5th Dec 2023


Okay, alright, AI might be useful after all

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As a seasoned sceptic of everything blasted into the ether by Silicon Valley hypemen, I found myself in a bit of a quandary this week.

No doubt, you've seen hundreds of posts touting how this new generation of AI will change the world. Normally, my response would be 'nah, this is silly, let's focus on real things.' But this time I've found my head turning, as they say on the reality show Love Island.

Read and decide

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For all the hype and predictions, it seems like the technology has matured to a point in which it might actually start being useful for supporting us journalists in some tedious and laborious tasks. It pains my contrarian heart to say this, but I'm rather excited.

During the previous AI hype-cycle circa 2016, a few news outlets — e.g. Bloomberg — started experimenting with the use of AI text generators to cover rote news like stock updates and the weather. It was basically a way to create fluff words around numbers and seemed to do adequately well.

The current generation of Large Language Models (LLMs) are different. While they're being described as 'advanced autocomplete' or more nerdy 'stochastic parrots', the fact remains that the operations these models can perform on text have become quite sophisticated.

Even as the debate has moved on from the performance of these models to a more philosophical question of whether the models 'understand' the text they process and answers they output, it seems somewhat unavoidable that many of us will be using them in the short term.

But will that cost us our jobs? A paper published this week looked into the "exposure" a range of different jobs had to AI, with unsurprisingly jobs like "Meat, Poultry and Fish Trimmers" being unaffected and jobs like mine being 100 percent exposed.

Also unsurprisingly, news media ran with this and predicted doom and gloom with up to 20 percent of jobs being made superfluous — which makes for a better headline than 'Workers in some industries might need to work up to 50 percent less', which would have been a more accurate representation of the paper's findings, and actually sounds pretty great.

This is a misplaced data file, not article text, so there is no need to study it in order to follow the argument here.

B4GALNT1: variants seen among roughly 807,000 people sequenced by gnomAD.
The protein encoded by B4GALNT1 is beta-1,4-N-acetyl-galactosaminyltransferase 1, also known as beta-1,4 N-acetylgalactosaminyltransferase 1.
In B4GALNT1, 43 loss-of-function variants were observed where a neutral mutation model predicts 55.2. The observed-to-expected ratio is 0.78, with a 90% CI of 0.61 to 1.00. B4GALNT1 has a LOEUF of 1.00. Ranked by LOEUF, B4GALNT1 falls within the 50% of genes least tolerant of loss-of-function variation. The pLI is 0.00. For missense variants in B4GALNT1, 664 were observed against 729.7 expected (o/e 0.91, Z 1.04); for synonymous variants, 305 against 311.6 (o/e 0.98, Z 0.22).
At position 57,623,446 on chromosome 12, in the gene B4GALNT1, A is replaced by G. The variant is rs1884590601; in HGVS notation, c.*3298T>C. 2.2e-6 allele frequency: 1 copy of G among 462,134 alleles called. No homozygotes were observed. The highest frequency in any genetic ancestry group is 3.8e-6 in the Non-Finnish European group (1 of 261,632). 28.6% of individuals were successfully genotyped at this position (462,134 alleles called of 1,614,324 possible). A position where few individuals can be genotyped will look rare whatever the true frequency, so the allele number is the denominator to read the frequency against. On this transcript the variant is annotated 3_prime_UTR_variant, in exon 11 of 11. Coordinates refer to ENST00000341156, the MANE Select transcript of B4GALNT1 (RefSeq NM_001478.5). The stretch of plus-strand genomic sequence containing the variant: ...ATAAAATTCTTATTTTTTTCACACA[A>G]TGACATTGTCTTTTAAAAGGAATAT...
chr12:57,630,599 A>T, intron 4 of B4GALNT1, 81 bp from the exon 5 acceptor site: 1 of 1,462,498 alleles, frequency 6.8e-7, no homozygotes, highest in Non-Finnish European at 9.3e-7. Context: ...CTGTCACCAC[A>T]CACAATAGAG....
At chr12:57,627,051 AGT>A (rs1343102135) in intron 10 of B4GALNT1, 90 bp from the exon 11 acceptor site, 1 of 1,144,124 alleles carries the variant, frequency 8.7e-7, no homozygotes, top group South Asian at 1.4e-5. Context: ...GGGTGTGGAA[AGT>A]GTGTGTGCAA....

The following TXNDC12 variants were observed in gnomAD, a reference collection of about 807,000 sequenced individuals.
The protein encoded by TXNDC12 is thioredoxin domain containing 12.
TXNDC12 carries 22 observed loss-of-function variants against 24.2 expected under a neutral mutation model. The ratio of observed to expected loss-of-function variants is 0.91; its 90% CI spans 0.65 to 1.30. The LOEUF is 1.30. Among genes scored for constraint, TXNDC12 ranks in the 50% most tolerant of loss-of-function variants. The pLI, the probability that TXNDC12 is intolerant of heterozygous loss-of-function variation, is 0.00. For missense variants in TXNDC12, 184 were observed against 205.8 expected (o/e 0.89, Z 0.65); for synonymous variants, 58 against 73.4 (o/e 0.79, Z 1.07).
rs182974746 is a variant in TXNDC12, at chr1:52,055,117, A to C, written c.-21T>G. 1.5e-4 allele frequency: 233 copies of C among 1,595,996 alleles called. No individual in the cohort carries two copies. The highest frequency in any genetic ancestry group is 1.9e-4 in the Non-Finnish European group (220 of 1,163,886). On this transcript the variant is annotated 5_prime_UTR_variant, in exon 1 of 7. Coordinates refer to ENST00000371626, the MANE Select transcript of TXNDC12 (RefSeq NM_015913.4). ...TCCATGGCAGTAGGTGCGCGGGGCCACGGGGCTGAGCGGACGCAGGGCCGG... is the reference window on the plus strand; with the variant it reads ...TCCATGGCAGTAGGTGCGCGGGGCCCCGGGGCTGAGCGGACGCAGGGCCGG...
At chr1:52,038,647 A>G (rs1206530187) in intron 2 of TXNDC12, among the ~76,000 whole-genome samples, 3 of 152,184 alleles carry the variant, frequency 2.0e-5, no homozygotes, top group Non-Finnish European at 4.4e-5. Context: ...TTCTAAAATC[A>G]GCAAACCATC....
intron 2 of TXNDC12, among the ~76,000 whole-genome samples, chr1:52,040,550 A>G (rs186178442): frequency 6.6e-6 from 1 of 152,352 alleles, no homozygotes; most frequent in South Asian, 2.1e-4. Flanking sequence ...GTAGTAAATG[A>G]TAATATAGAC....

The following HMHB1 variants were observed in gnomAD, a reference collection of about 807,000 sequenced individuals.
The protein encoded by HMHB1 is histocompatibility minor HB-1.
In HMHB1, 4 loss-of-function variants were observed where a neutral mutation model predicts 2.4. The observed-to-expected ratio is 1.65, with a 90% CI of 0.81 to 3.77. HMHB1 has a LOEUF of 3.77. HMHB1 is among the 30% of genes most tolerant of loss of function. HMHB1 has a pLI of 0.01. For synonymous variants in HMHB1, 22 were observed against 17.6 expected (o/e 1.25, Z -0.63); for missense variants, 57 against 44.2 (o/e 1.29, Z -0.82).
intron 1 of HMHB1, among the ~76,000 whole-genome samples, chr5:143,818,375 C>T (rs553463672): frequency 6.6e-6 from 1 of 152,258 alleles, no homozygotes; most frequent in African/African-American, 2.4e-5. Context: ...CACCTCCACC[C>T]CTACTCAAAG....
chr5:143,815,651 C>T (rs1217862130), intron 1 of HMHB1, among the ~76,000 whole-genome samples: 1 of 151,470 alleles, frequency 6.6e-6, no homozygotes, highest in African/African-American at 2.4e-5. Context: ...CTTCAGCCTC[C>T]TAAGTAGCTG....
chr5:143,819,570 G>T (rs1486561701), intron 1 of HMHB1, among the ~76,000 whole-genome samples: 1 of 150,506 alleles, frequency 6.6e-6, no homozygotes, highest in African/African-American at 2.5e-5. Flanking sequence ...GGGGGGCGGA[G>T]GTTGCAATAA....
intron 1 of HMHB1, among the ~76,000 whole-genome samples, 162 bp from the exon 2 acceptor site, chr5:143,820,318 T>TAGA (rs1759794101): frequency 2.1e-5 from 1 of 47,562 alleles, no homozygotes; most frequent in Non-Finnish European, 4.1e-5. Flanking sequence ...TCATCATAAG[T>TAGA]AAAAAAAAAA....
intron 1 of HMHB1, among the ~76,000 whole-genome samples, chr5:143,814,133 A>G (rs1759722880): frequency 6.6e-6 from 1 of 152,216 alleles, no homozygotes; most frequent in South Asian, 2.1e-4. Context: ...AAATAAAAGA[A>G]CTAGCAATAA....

Because here's the kicker and also why I'm now more convinced these LLMs will be useful; I think that they're more akin to moving from doing calculations on paper to doing them in spreadsheets. Productivity software, as Ryan Broderick puts it in his excellent Garbage Day newsletter.

When applied properly, productivity software can make more of us, well, more productive. Just like how spreadsheets make it easier for more people to make graphs or whatever, specifically trained LLMs can do the same for things like combing through huge amounts of data or text — a thing journalists regularly have to do.

It allows us to have the model ingest huge amounts of text, and ask it questions about the text in natural language. LLMs could give the powers trained data journalists wield to regular boring journalists like me who don't know how to use a programming language like Python. And that makes me tremendously excited, to be honest.

In the past dozen years as a journalist, I've had so many questions that — in theory — should be answerable because the data is available, but I simply lacked the ability to execute the process of finding an answer.

These questions range from the innocuous — e.g. is there way to tell from a picture of the outside of a mandarin if it tastes good? — to the more consequential — e.g. do parliament attendance records of political groups show a correlation between attendance and policy?

It would also allow, like I tried out yesterday, to feed a model a piece of legislation, and ask it simple questions about the legislation that would be otherwise hard to tease out.

Naturally, as journalists, even with this productivity software, it remains our task to check facts and verify information, but it can provide a good starting point for asking questions — which is another other part of our job.